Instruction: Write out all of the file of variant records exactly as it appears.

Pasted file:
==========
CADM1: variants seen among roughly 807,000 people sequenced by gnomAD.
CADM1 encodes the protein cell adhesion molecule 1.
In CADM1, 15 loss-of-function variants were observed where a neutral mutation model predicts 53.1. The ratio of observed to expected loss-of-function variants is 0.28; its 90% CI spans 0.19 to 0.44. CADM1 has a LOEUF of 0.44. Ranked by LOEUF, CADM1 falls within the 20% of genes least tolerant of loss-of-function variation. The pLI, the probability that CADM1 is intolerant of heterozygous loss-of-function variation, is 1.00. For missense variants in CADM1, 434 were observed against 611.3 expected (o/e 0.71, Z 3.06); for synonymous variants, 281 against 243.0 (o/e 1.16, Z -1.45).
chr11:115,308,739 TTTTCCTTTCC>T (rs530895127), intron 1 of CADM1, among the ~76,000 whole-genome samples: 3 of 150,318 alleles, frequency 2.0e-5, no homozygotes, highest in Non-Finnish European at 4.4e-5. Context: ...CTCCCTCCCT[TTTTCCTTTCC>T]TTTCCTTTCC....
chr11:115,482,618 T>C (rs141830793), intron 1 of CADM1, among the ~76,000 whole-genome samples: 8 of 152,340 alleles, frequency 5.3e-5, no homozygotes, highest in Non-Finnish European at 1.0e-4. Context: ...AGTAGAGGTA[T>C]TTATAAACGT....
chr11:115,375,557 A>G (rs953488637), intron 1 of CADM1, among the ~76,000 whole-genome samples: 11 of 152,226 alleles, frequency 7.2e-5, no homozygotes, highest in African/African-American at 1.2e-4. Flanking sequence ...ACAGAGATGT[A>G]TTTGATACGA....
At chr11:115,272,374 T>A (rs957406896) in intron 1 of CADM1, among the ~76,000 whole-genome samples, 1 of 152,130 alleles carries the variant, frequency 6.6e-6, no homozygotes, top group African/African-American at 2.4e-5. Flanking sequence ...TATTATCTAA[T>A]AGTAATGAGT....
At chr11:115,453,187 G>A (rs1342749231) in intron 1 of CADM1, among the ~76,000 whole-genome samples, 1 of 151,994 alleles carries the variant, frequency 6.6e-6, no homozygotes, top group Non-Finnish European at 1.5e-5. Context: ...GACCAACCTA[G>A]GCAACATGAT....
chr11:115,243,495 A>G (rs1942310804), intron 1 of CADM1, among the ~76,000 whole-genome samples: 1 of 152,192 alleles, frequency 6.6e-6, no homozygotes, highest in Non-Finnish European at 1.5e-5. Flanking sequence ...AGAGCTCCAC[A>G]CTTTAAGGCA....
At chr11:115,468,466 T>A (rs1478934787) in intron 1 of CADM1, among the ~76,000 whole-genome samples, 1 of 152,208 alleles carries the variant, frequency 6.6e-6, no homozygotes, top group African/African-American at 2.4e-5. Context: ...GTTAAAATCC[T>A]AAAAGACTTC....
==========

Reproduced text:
CADM1: variants seen among roughly 807,000 people sequenced by gnomAD.
CADM1 encodes the protein cell adhesion molecule 1.
In CADM1, 15 loss-of-function variants were observed where a neutral mutation model predicts 53.1. The ratio of observed to expected loss-of-function variants is 0.28; its 90% CI spans 0.19 to 0.44. CADM1 has a LOEUF of 0.44. Ranked by LOEUF, CADM1 falls within the 20% of genes least tolerant of loss-of-function variation. The pLI, the probability that CADM1 is intolerant of heterozygous loss-of-function variation, is 1.00. For missense variants in CADM1, 434 were observed against 611.3 expected (o/e 0.71, Z 3.06); for synonymous variants, 281 against 243.0 (o/e 1.16, Z -1.45).
chr11:115,308,739 TTTTCCTTTCC>T (rs530895127), intron 1 of CADM1, among the ~76,000 whole-genome samples: 3 of 150,318 alleles, frequency 2.0e-5, no homozygotes, highest in Non-Finnish European at 4.4e-5. Context: ...CTCCCTCCCT[TTTTCCTTTCC>T]TTTCCTTTCC....
chr11:115,482,618 T>C (rs141830793), intron 1 of CADM1, among the ~76,000 whole-genome samples: 8 of 152,340 alleles, frequency 5.3e-5, no homozygotes, highest in Non-Finnish European at 1.0e-4. Context: ...AGTAGAGGTA[T>C]TTATAAACGT....
chr11:115,375,557 A>G (rs953488637), intron 1 of CADM1, among the ~76,000 whole-genome samples: 11 of 152,226 alleles, frequency 7.2e-5, no homozygotes, highest in African/African-American at 1.2e-4. Flanking sequence ...ACAGAGATGT[A>G]TTTGATACGA....
At chr11:115,272,374 T>A (rs957406896) in intron 1 of CADM1, among the ~76,000 whole-genome samples, 1 of 152,130 alleles carries the variant, frequency 6.6e-6, no homozygotes, top group African/African-American at 2.4e-5. Flanking sequence ...TATTATCTAA[T>A]AGTAATGAGT....
At chr11:115,453,187 G>A (rs1342749231) in intron 1 of CADM1, among the ~76,000 whole-genome samples, 1 of 151,994 alleles carries the variant, frequency 6.6e-6, no homozygotes, top group Non-Finnish European at 1.5e-5. Context: ...GACCAACCTA[G>A]GCAACATGAT....
chr11:115,243,495 A>G (rs1942310804), intron 1 of CADM1, among the ~76,000 whole-genome samples: 1 of 152,192 alleles, frequency 6.6e-6, no homozygotes, highest in Non-Finnish European at 1.5e-5. Flanking sequence ...AGAGCTCCAC[A>G]CTTTAAGGCA....
At chr11:115,468,466 T>A (rs1478934787) in intron 1 of CADM1, among the ~76,000 whole-genome samples, 1 of 152,208 alleles carries the variant, frequency 6.6e-6, no homozygotes, top group African/African-American at 2.4e-5. Context: ...GTTAAAATCC[T>A]AAAAGACTTC....